Colored contact lenses allow you to change your eye color and create a look that's subtle, bold or anywhere in between. Color contacts are available in both prescription and Plano (non-prescription) forms:
Prescription color contacts correct your myopia (nearsightedness), hyperopia (farsightedness) or astigmatism, as well as enhancing or completely changing your eye color. Colored contacts are worn purely for cosmetic purposes to change your eye color and have no lens power for vision correction.
Types of Color Contacts in Parker, Colorado
Most colored contact lenses are designed to mimic the natural look of the colored part of the eye, called the iris. Since this area is made up of colorful shapes and lines, some color contacts feature a series of tiny colored dots and colored lines and shapes to help the lenses look more natural on the eye.
The center of the lens, the part that lies over your pupil, is clear so you can see.
Color contacts come in three kinds of tints:
Visibility tint. This usually is a light blue or green tint added to a lens, just to help you see it better during insertion and removal, or if you drop it. Visibility tints are relatively faint and do not affect your eye color.
Enhancement tint. This is a solid but translucent (see-through) tint that is a little darker than a visibility tint. As the name implies, an enhancement tint is meant to enhance the natural color of your eyes. Colored contacts with this type of tint usually are best for people who have light-colored eyes and want to make their eye color more intense.
Opaque tint. This is a non-transparent tint that can change your eye color completely. If you have dark eyes, you'll need this type of color contact lens to change your eye color.
Color contacts with opaque tints come in a wide variety of colors, including hazel, green, blue, violet, amethyst, brown and gray.
Costume or theatrical contact lenses also fall into the category of opaque color tints. Long used in the movies (examples are The Man Who Fell to Earth, Avatar and the Twilight series), these special-effect contact lenses are now widely available for novelty use.
Choosing the Right Color in Parker, Colorado
The contact lens color that will suit you best depends on numerous factors, such as your hair color and skin tone. But, ultimately, it depends on the kind of look you want to achieve — subtle and natural-looking or dramatic and daring. Color contacts for light eyes. If you want to change your appearance but in a more subtle way, you may want to choose an enhancement tint that defines the edges of your iris and deepens your natural color. And if you want to experiment with a different eye color while still looking natural, you might choose contact lenses in gray or green, for example, if your natural eye color is blue.
Custom Tinted Contact Lenses
If you're after a truly individualized look, some contact lens manufacturers specialize in creating custom color tints for both prescription and non-prescription contact lenses. Custom-made tints are created from a variety of colors in varying densities. Customized color lenses typically are semi-translucent, creating a natural-looking appearance. They can even camouflage a congenital eye defect or eye injury, or mimic the appearance of a healthy pupil. Custom-tinted contacts aren't just for cosmetic reasons. Color tints are increasingly popular among professional athletes to increase their visual performance. Key benefits of "sport tint" contact lenses are reduced glare, enhanced contrast sensitivity and heightened depth perception. A green tint, for example, can enable a tennis player to see the ball more clearly on the court.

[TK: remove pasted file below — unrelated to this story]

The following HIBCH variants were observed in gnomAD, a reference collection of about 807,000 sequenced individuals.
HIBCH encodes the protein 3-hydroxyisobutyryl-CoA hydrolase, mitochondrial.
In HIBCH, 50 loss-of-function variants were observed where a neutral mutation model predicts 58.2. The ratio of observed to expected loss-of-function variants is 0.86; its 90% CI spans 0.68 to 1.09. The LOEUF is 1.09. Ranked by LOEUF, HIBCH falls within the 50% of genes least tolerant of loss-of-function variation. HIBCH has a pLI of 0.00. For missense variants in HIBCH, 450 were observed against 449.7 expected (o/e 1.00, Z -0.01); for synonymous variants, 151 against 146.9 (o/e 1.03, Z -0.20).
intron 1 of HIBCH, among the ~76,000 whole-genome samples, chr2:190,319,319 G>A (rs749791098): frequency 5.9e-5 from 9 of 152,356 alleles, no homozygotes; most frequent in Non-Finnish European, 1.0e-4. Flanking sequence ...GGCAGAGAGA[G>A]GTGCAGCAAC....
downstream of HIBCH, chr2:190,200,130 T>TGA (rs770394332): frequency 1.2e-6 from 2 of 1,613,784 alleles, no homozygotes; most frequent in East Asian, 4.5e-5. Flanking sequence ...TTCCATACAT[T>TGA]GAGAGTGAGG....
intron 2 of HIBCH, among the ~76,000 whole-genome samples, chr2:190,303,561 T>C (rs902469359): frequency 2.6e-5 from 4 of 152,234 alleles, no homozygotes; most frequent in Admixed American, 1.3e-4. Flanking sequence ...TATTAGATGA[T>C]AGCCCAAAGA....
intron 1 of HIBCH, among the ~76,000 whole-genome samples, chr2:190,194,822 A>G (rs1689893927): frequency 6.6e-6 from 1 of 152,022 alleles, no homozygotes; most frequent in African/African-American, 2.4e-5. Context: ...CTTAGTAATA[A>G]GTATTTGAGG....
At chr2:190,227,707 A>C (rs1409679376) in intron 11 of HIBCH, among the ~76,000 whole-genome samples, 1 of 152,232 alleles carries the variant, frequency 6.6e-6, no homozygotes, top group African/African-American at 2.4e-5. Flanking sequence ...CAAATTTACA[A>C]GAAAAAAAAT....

Are Color Contact Lenses Safe?
Yes, colored contact lenses are safe — as long as your contacts are properly prescribed, used and cared for. It's essential that you visit your eye care professional for a proper contact lens fitting. This will ensure your colored contacts are safe and comfortable and look natural on your eye. Just like regular contact lenses, color contacts are not bad for your eyes if you follow your eye care practitioner's instructions, particularly regarding how long you can wear your contacts and when you should replace your contacts.
If you wear colored contacts only on special occasions, daily disposables are a great option.
Which Color Contact Lenses?
When selecting color contacts, having contact lenses that not only give you that perfect eye color you've always wanted, but that are also comfortable and safeguard the health of your eyes is important.
The new Air Optix Colors Contact Lens is an incredible advance in color contact lens technology. Air Optix uses the most advanced techniques to create a contact lens which is beyond any that came before.
Contact lens breathability is perhaps the most important consideration when choosing which color contacts you will be wearing. The clear part of your eye that helps focus incoming light, called the cornea, has no blood vessels in it, and so must receive oxygen straight from the air. Much like a person, your cornea must 'inhale' oxygen, and 'exhale' carbon dioxide, so putting a contact lens on the eye that does not let enough air in or carbon dioxide out is much like putting a plastic bag over a person's head. It can do a great amount of damage very quickly. Air Optix Colors are superior to other color contact lenses for this reason. They are made from advanced lens materials that offer up to 5 times more lens breathability than other traditional leading brands.
Another brand of colored contact lenses we recommend is 1-Day Acuvue DEFINE contact lenses. These new contact lenses enhance the natural beauty of your eyes with three unique effects for every eye color. Available in Shimmer, Sparkle and Shine.